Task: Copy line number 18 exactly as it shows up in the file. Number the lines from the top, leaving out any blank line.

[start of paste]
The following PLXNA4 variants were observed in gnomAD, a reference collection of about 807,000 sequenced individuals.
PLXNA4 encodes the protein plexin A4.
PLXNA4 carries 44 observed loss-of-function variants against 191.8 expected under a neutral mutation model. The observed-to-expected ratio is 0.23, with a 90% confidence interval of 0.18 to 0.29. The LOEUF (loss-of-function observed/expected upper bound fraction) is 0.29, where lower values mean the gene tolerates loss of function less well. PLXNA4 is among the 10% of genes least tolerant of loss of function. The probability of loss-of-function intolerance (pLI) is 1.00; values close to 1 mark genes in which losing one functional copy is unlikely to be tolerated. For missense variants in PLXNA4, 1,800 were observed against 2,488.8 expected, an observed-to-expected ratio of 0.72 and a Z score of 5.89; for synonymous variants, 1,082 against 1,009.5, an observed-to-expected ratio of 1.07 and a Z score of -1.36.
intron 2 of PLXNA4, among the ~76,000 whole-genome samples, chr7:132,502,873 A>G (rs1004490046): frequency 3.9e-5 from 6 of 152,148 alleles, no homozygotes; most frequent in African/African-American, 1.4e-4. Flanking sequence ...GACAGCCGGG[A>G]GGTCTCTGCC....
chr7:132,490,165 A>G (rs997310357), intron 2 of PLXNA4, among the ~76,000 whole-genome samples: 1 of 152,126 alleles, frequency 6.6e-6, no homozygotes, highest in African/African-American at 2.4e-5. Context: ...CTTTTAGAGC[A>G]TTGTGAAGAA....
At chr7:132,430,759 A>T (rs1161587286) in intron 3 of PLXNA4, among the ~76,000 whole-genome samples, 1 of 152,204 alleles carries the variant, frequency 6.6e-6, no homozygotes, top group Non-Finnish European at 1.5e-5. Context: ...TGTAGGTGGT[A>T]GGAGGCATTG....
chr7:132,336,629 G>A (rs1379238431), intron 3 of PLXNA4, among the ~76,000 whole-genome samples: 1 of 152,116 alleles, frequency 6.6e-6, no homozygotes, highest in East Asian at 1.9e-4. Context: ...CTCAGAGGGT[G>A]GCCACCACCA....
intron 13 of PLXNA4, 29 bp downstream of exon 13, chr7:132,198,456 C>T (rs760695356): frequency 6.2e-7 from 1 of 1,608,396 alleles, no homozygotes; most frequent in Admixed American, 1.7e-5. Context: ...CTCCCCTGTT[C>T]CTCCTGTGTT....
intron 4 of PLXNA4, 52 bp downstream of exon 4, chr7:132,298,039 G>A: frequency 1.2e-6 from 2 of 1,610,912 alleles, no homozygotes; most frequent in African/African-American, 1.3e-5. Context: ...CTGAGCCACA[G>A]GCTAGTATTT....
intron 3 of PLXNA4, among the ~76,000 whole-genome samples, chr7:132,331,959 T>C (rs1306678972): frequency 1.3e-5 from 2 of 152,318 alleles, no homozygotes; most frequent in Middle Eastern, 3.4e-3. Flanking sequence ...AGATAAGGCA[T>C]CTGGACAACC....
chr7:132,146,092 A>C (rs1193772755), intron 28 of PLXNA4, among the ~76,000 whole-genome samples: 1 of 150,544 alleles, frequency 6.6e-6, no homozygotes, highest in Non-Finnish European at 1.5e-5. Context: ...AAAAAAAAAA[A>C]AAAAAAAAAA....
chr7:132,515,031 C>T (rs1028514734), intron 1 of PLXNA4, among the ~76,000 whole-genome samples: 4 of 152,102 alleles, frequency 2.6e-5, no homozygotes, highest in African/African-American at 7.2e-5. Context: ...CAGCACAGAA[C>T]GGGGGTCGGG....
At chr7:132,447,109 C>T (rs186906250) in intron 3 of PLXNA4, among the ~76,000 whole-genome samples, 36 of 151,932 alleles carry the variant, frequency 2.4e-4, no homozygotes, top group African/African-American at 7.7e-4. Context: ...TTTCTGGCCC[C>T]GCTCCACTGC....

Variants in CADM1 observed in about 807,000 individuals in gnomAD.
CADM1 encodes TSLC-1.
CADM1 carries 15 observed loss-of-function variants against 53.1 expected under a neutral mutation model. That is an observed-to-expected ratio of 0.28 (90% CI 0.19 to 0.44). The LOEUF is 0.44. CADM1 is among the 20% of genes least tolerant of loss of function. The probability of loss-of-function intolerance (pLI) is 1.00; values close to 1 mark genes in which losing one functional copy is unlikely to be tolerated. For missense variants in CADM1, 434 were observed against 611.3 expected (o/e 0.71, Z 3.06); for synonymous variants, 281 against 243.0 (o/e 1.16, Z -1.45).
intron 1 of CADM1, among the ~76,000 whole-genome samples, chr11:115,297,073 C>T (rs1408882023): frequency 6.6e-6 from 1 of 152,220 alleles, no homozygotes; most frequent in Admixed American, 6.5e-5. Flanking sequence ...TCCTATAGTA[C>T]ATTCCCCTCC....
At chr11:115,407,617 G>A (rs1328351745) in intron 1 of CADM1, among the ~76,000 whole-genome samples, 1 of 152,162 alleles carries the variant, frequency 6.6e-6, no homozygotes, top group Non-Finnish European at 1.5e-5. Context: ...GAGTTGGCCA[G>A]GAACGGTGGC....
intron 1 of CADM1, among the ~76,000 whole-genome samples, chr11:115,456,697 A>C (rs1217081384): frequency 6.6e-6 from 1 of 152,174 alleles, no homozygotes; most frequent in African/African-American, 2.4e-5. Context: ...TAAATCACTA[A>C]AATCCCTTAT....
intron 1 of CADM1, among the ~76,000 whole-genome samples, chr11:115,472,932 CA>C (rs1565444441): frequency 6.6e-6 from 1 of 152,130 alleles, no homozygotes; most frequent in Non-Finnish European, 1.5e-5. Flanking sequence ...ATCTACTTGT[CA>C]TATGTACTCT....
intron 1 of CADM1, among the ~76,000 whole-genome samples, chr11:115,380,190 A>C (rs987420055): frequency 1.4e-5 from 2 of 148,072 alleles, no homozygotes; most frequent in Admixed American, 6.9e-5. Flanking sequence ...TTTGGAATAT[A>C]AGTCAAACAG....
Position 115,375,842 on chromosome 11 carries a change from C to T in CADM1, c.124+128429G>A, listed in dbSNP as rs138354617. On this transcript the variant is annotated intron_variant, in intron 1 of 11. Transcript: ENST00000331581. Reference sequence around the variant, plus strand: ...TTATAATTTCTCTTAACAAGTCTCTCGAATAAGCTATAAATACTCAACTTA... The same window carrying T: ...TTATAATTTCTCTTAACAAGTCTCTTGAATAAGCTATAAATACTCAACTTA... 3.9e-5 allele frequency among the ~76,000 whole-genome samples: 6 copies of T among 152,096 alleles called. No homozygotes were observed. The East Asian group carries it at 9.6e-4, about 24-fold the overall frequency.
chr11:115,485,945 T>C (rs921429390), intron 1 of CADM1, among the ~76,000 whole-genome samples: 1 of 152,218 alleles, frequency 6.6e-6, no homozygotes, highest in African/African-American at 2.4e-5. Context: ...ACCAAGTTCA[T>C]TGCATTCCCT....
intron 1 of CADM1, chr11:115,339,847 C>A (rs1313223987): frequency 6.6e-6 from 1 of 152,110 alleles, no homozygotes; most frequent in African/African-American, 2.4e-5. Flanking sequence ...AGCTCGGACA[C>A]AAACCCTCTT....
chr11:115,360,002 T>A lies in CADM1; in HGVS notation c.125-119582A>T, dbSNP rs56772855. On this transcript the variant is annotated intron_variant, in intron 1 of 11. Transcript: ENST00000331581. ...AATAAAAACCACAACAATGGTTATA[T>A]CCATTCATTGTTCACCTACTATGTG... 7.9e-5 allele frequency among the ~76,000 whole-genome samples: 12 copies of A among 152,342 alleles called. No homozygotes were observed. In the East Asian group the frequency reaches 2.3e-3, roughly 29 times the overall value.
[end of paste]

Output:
At chr11:115,407,617 G>A (rs1328351745) in intron 1 of CADM1, among the ~76,000 whole-genome samples, 1 of 152,162 alleles carries the variant, frequency 6.6e-6, no homozygotes, top group Non-Finnish European at 1.5e-5. Context: ...GAGTTGGCCA[G>A]GAACGGTGGC....